Navigating the Depths: Inside the Delaware Bay’s Longest-Running Water Quality Monitoring Program

It’s a muggy and foggy Monday morning in August as Keri Maull and Andy Nitkowski board a boat at the Delaware Bay Launch Service in Milford. The boat shoves off and sails out onto the Delaware Bay, miles offshore past oil tankers like the Sonangol Cabinda.

A DNREC environmental control tech wearing a personal flotation device sits on an up-turned bucket on a boat deck and adds water samples to a collection for further analysis.
Andy Nitkowski, an environmental control tech for the DNREC Division of Water, takes a water sample from the Delaware Bay. (Delaware DNREC/Errol Ebanks)

Maull, a laboratory manager with the Environmental Laboratory Section within the Delaware Department of Natural Resources and Environmental Control’s Division of Water, and Nitkowski, an environmental control technician, will spend the next four hours collecting water samples from the bay using a variety of contraptions.

This exercise is the boat run, a monthly water-quality monitoring program. It is overseen by the Delaware River Basin Commission (DRBC), an interstate-federal compact consisting of Delaware, Pennsylvania, New Jersey, New York and the federal government. The DRBC contracts with DNREC to take water samples from the mouth of the Delaware Bay up to the head of tide in Trenton, New Jersey.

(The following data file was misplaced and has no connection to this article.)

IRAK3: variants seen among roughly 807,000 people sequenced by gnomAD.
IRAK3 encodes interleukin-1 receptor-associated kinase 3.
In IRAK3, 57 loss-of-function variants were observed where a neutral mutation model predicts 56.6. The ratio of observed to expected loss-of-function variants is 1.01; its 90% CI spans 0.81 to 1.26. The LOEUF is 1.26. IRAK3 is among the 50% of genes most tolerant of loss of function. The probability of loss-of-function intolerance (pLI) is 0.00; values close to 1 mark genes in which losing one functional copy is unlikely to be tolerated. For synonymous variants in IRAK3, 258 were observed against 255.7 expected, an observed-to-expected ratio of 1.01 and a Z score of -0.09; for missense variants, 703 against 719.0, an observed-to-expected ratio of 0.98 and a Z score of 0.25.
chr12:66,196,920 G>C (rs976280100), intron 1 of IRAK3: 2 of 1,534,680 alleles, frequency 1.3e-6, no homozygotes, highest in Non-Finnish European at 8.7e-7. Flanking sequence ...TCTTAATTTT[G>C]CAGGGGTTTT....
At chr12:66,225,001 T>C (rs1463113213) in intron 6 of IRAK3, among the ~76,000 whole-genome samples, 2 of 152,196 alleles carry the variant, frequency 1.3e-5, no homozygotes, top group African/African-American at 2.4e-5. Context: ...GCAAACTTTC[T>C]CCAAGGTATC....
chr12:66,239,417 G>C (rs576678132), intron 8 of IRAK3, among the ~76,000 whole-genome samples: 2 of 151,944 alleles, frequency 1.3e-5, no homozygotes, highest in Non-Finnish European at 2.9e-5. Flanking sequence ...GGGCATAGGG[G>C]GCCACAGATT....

“We develop the scope of work, so we indicate where we want to monitor, what parameters, and we issue that contract to DNREC and they carry it out on our behalf. Then we scrutinize the data. The data informs a lot of our assessment activities so that’s the main function of it,” said John Yagecic, DRBC manager of water quality assessment.

Samples are collected at 22 different stations to check water quality, with a careful eye toward meeting certain criteria for things like dissolved oxygen, pH, temperature, and bacteria levels.

A DNREC laboratory manager in the foreground pumps water from the Delaware Bay into a jar for monitoring.
Keri Maull, laboratory manager for the Environmental Lab Section in the DNREC Division of Water, takes a water sample from the Delaware Bay. (Delaware DNREC/Errol Ebanks)

Launched in 1967, the Delaware Estuary Water Quality Monitoring Program, as it’s more formally known, is one of the longest-running water quality monitoring programs in the world, according to the DRBC.

“Because the Delaware River has drinking water intakes up and down the river from New York to Philadelphia and Camden, New Jersey, they need that water tested to ensure they’re not delivering polluted water to people who are drinking it,” explained David McQuaid, supervisor for the Division of Water’s Environmental Laboratory, with Maull noting that many people use the river and bay for recreational activities like fishing and boating too.

It’s been performed by DNREC for decades and takes place in various conditions. The water on this morning’s run, according to Maull and Nitkowski, is much calmer than the prior month’s iteration — a welcome change.